Helsinki summit: Trump's meeting with Putin is simply an attempt at an easy win

Written by Yuriy Sheyko on 16 July 2018

Donald Trump and Vladimir Putin | Photo credit: Press Association


Donald Trump has no clear objective for his Helsinki summit with Putin, writes Yuriy Sheyko.

The meeting on 16 July between US President Donald Trump and Russian leader Vladimir Putin will be the first summit between the two men who currently have the most say in shaping the global order. Is there anything to fear?

During Trump’s first months in office, the prospect of him meeting with Putin was unnerving to many. As Trump expressed his wish to get along with his counterpart in Moscow, in the West there was widespread concern over them reaching some kind of a deal at the expense of other countries - like Ukraine, whose Crimean peninsula was illegally annexed by Russia in 2014. Putin would have loved to have this annexation recognised.

Their first meeting came only six months into Trump’s presidency, at the G20 summit in Germany. The investigations into Russian meddling in the 2016 US elections and collusion by Trump’s team with Russians was one reason why so little happened in relation to the US President’s wish to get along with Putin, whom he considers neither an enemy or a friend, but a competitor.


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Why would Trump want to meet Putin now? It is a part of his foreign policy approach. Trump hops between topics trying to get an easy win, disregarding follow-up work on every avenue. He hopped between moving the US embassy in Israel to Jerusalem, withdrawing from the Iran nuclear deal, dealing with North Korea, and punishing Syria for the use of chemical weapons. Trade conflicts with China and the EU do not fit into this approach, but the meeting with Putin does. There won’t be much follow-up.

Much was written about Trump being more affable to his authoritarian counterparts than to his democratic allies. In June he upended the G7 summit and headed to a cordial meeting with North Korean leader Kim Jong-un. This time Trump started with two days of bashing the European allies at the Nato summit in Brussels, then headed to the UK. The last stop of his trip is Helsinki. Out of the three stops, Trump thinks that Putin may be the easiest of them all.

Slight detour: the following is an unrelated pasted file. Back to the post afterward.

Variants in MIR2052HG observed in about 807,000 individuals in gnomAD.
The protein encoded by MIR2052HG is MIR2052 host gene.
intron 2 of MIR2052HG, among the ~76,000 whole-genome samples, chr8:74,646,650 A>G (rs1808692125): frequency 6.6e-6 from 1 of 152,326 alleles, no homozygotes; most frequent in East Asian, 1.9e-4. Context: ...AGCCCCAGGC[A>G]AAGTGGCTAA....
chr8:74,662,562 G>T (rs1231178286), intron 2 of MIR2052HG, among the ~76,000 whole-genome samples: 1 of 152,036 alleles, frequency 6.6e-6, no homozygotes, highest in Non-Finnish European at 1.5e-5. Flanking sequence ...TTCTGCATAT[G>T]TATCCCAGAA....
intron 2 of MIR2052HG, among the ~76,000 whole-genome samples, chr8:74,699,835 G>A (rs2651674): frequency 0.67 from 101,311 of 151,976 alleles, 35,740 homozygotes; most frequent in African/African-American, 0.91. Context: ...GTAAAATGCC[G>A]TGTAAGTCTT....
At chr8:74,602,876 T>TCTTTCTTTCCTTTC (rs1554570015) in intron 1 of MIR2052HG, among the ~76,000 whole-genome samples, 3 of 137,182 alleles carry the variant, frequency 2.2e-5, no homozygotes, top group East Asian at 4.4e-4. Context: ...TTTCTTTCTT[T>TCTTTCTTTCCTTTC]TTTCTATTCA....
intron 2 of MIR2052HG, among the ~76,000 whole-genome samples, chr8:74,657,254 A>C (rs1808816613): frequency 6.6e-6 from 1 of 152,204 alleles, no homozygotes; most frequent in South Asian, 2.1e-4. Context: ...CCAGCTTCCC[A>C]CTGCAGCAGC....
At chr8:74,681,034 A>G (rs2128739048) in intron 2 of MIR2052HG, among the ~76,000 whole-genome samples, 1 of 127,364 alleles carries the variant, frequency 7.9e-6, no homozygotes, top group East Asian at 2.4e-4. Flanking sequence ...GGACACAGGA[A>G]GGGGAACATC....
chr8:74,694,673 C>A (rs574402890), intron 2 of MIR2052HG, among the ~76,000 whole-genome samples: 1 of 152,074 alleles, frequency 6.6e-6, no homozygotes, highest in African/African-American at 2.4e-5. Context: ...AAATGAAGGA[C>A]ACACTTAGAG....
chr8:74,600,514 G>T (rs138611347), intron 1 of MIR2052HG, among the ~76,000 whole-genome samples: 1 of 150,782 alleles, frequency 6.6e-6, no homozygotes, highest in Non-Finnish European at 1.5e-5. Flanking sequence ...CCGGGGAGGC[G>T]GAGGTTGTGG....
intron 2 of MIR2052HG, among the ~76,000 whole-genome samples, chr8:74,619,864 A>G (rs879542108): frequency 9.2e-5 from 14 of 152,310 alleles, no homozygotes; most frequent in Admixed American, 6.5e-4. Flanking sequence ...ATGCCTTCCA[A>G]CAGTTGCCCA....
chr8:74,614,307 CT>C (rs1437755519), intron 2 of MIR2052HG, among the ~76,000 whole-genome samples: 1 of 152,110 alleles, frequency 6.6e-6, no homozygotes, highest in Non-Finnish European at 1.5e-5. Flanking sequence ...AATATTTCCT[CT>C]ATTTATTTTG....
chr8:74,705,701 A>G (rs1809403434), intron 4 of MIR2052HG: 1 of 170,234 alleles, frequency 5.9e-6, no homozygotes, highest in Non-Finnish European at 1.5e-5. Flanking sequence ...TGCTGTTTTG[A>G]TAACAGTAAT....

This is because Trump has no clear goals to achieve with Putin, other than to develop a personal relationship. Even he himself acknowledged that, saying, “We’re going to that meeting not looking for so much”. The US President said that he will speak with Putin about Syria, Ukraine, and Russian meddling in the US elections.

Last year there were things Putin could have offered Trump in order to strike a deal, such as help in combating terrorism. However, Isis has now been defeated, without much (if any) help from Russia. In Afghanistan, Nato is supporting the government in the fight against Islamic extremism. And Trump has already changed his view on Nato, praising it for focusing more on combating terrorism. Russia had no role in the negotiations with North Korea. And it doesn’t seem that Putin can offer Trump any help alleviating Washington’s concerns about Iran. Putin has nothing tangible to offer Trump.

In contrast, the US President came to Brussels for the Nato summit with a clear mission. He upended the meeting, berated his European allies, and seemed to threaten the unity of the alliance.

Nevertheless, disregarding superfluous scandals, the outcome of Brussels summit will be very wholesome for Europe - not only because Nato agreed to strengthen its structure and boost the readiness of its troops. It has also proved its ability to withstand internal disagreements. And Trump’s push for the European allies to increase defence spending sends more than a clear signal to the Kremlin’s aggressive course.

There is of course a clear possibility that Putin, a former KGB with nearly 20 years’ experience at the top of world politics, could easily outmanoeuvre Trump. He has many tricks at his disposal, like bashing western ‘fake news’ or ‘witch hunts’ in connection to Russian meddling. He may even trick Trump into say something favourable to him. Still, those will be just words. The probability of the US policy towards Russia being overhauled after this meeting is quite low. Besides, however Trump may like breaking taboos, any public announcement favourable to Russia may wreak havoc not only among the US Democrats, but also among his fellow Republicans.

About the author

Yuriy Sheyko is journalist based in Germany and Brussels

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